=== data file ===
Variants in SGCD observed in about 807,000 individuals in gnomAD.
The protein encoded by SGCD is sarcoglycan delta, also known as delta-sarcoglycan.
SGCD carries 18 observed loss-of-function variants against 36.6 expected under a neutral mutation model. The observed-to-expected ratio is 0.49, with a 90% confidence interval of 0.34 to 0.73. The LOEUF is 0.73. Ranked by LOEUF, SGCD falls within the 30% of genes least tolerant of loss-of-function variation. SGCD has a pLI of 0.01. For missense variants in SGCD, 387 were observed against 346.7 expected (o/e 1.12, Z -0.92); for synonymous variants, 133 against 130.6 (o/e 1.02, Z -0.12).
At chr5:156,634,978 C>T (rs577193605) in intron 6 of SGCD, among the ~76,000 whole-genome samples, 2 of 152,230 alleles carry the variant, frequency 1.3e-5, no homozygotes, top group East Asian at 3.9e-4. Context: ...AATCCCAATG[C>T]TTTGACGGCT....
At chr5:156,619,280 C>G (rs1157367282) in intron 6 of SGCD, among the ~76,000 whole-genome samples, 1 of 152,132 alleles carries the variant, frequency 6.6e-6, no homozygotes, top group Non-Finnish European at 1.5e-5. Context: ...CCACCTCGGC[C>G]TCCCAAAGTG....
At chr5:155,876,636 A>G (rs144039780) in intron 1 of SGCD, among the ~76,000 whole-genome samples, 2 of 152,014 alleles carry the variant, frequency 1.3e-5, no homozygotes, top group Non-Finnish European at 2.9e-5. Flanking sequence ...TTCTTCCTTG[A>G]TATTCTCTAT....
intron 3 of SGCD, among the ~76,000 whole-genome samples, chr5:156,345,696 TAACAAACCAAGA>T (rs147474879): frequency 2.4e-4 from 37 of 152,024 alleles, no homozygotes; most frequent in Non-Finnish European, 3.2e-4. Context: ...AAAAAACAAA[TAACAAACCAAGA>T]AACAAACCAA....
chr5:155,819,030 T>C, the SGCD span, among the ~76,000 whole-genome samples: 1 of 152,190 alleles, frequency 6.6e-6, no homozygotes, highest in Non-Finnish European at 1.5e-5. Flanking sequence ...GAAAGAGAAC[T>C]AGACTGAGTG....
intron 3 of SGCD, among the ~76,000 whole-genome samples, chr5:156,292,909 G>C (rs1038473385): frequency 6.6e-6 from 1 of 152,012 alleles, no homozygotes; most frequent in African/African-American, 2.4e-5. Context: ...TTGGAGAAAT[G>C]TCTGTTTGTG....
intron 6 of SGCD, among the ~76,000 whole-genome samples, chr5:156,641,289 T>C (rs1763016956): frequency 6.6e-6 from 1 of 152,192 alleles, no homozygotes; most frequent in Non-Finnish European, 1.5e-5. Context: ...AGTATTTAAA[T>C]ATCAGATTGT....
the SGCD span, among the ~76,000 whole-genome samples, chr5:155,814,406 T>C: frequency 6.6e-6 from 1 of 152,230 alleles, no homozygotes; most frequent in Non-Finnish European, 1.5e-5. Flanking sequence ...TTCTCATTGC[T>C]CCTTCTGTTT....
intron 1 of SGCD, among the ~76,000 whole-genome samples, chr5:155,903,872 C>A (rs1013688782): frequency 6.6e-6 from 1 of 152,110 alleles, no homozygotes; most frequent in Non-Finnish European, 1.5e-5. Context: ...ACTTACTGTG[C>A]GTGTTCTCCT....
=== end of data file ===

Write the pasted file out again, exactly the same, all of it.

Variants in SGCD observed in about 807,000 individuals in gnomAD.
The protein encoded by SGCD is sarcoglycan delta, also known as delta-sarcoglycan.
SGCD carries 18 observed loss-of-function variants against 36.6 expected under a neutral mutation model. The observed-to-expected ratio is 0.49, with a 90% confidence interval of 0.34 to 0.73. The LOEUF is 0.73. Ranked by LOEUF, SGCD falls within the 30% of genes least tolerant of loss-of-function variation. SGCD has a pLI of 0.01. For missense variants in SGCD, 387 were observed against 346.7 expected (o/e 1.12, Z -0.92); for synonymous variants, 133 against 130.6 (o/e 1.02, Z -0.12).
At chr5:156,634,978 C>T (rs577193605) in intron 6 of SGCD, among the ~76,000 whole-genome samples, 2 of 152,230 alleles carry the variant, frequency 1.3e-5, no homozygotes, top group East Asian at 3.9e-4. Context: ...AATCCCAATG[C>T]TTTGACGGCT....
At chr5:156,619,280 C>G (rs1157367282) in intron 6 of SGCD, among the ~76,000 whole-genome samples, 1 of 152,132 alleles carries the variant, frequency 6.6e-6, no homozygotes, top group Non-Finnish European at 1.5e-5. Context: ...CCACCTCGGC[C>G]TCCCAAAGTG....
At chr5:155,876,636 A>G (rs144039780) in intron 1 of SGCD, among the ~76,000 whole-genome samples, 2 of 152,014 alleles carry the variant, frequency 1.3e-5, no homozygotes, top group Non-Finnish European at 2.9e-5. Flanking sequence ...TTCTTCCTTG[A>G]TATTCTCTAT....
intron 3 of SGCD, among the ~76,000 whole-genome samples, chr5:156,345,696 TAACAAACCAAGA>T (rs147474879): frequency 2.4e-4 from 37 of 152,024 alleles, no homozygotes; most frequent in Non-Finnish European, 3.2e-4. Context: ...AAAAAACAAA[TAACAAACCAAGA>T]AACAAACCAA....
chr5:155,819,030 T>C, the SGCD span, among the ~76,000 whole-genome samples: 1 of 152,190 alleles, frequency 6.6e-6, no homozygotes, highest in Non-Finnish European at 1.5e-5. Flanking sequence ...GAAAGAGAAC[T>C]AGACTGAGTG....
intron 3 of SGCD, among the ~76,000 whole-genome samples, chr5:156,292,909 G>C (rs1038473385): frequency 6.6e-6 from 1 of 152,012 alleles, no homozygotes; most frequent in African/African-American, 2.4e-5. Context: ...TTGGAGAAAT[G>C]TCTGTTTGTG....
intron 6 of SGCD, among the ~76,000 whole-genome samples, chr5:156,641,289 T>C (rs1763016956): frequency 6.6e-6 from 1 of 152,192 alleles, no homozygotes; most frequent in Non-Finnish European, 1.5e-5. Context: ...AGTATTTAAA[T>C]ATCAGATTGT....
the SGCD span, among the ~76,000 whole-genome samples, chr5:155,814,406 T>C: frequency 6.6e-6 from 1 of 152,230 alleles, no homozygotes; most frequent in Non-Finnish European, 1.5e-5. Flanking sequence ...TTCTCATTGC[T>C]CCTTCTGTTT....
intron 1 of SGCD, among the ~76,000 whole-genome samples, chr5:155,903,872 C>A (rs1013688782): frequency 6.6e-6 from 1 of 152,110 alleles, no homozygotes; most frequent in Non-Finnish European, 1.5e-5. Context: ...ACTTACTGTG[C>A]GTGTTCTCCT....